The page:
The St. Petersburg label Microcosmos has published three chillout recordings, examining alternative views of actuality. Alexander Saykov extends them––to Moscow.
Alexander Zaitsev's new instrumental recording refers to modern spirituality as a faint, flickering light in a tunnel. Some other Russian electronic releases this week concur.
Marxist rhetoric, when addressing social change, likes to codify the passage of quantitative civic changes as qualitative. Four new recordings from Russia and Lithuania adopt the same spirit.
This week a handful of recordings in Lviv, Novosibirsk, and Omsk all struggle to remain optimistic. A number of material obstacles stand between a sunny view of the future and its realization in actuality.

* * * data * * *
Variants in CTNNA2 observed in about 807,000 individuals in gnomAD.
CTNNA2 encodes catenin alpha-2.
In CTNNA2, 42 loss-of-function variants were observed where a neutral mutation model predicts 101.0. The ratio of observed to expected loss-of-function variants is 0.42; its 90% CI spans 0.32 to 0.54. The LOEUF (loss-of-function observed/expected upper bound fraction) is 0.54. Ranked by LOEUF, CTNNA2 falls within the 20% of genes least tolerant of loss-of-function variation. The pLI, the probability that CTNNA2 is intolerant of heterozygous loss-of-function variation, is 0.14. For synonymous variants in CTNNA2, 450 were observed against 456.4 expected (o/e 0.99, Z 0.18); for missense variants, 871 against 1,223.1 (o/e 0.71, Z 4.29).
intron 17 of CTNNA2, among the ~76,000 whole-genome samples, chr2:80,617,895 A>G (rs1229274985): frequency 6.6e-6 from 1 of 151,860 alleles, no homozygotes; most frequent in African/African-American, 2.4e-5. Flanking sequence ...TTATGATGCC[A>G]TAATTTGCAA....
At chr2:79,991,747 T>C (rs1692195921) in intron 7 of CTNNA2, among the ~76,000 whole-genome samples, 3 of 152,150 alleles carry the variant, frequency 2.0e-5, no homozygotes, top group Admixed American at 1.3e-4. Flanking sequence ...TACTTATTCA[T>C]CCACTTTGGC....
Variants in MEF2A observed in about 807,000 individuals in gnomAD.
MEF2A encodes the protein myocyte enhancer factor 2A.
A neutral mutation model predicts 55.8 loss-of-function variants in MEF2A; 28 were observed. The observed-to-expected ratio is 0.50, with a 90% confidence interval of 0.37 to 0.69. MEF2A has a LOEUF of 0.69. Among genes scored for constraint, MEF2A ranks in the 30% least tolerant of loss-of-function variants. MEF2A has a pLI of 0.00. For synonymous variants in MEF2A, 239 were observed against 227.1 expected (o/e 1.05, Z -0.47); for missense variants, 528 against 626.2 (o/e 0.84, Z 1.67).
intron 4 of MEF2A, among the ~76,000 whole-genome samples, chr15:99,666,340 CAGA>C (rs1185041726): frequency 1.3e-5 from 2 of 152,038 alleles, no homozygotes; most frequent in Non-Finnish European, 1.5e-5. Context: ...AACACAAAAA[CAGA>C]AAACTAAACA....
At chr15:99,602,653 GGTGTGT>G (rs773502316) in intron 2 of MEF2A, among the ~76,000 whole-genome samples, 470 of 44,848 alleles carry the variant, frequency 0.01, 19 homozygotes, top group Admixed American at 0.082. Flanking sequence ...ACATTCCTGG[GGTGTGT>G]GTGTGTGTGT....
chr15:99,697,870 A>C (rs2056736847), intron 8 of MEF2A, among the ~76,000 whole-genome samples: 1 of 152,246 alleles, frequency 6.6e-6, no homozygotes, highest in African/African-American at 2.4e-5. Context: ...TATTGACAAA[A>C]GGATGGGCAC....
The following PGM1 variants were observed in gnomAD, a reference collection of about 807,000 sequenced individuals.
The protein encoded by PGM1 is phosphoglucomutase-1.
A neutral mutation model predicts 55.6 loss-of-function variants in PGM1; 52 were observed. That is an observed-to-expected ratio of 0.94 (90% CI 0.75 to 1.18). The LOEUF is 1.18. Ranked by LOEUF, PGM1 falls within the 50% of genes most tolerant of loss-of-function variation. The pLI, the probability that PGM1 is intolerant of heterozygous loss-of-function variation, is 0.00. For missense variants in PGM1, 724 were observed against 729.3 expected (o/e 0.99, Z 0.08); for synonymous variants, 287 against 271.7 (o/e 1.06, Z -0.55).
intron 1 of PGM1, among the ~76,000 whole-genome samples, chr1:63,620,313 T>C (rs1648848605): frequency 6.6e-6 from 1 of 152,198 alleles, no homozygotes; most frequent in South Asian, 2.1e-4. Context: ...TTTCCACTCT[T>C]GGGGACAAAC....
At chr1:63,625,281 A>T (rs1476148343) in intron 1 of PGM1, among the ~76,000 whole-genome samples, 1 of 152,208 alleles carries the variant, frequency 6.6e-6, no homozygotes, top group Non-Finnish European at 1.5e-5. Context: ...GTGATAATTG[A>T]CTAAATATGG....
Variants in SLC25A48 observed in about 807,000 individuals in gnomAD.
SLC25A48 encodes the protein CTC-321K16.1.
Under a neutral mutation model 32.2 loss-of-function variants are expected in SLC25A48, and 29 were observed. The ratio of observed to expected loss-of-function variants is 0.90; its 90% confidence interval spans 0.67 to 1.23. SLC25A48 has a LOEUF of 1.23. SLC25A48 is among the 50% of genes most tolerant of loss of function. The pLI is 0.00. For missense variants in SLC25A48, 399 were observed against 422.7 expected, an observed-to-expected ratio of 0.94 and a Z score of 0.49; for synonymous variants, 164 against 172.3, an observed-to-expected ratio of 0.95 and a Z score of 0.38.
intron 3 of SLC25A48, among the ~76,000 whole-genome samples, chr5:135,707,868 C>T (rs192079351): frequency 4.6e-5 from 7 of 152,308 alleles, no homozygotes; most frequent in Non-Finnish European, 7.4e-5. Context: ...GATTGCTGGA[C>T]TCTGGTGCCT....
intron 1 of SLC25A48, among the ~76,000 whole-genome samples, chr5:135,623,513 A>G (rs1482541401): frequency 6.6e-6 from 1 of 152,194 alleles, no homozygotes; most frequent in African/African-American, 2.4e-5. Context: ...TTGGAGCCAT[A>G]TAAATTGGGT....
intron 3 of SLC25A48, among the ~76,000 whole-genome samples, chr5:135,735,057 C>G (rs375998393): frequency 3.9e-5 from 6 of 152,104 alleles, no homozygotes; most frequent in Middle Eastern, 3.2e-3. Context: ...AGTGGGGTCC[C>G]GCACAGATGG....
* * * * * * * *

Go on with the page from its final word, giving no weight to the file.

As a range of obstacles, both private and professional, stop musicians from working uninterrupted, diligence acquires a new significance. It becomes a form of transcendence, far above material woes.
Several new Russian electronic recordings display an increasing gratitude for both solitude and silence. The further one happens to be from clamorous modernity or a capital city, the better.
New drone and industrial recordings from Russia and Ukraine turn their attention simultaneously to anxiety and depression. Both, perhaps, indicate dissatisfaction - and therefore a burgeoning hope.
New electronic recordings from Belarus, Russia, and Ukraine - via Berlin - question the liberties of commercial and noncommercial enterprise. The same questions are framed ecologically.
Four solo electronic projects from different Russian cities display varying degrees of displeasure with actuality. As faith in civic promise dwindles, the need for wistfulness to provide a valid alternative grows.
The Mental Force Music Festival takes place in Minsk on May 22-23. It is designed both to showcase the best of Belarusian electronica and discover some productive overlap with Western colleagues.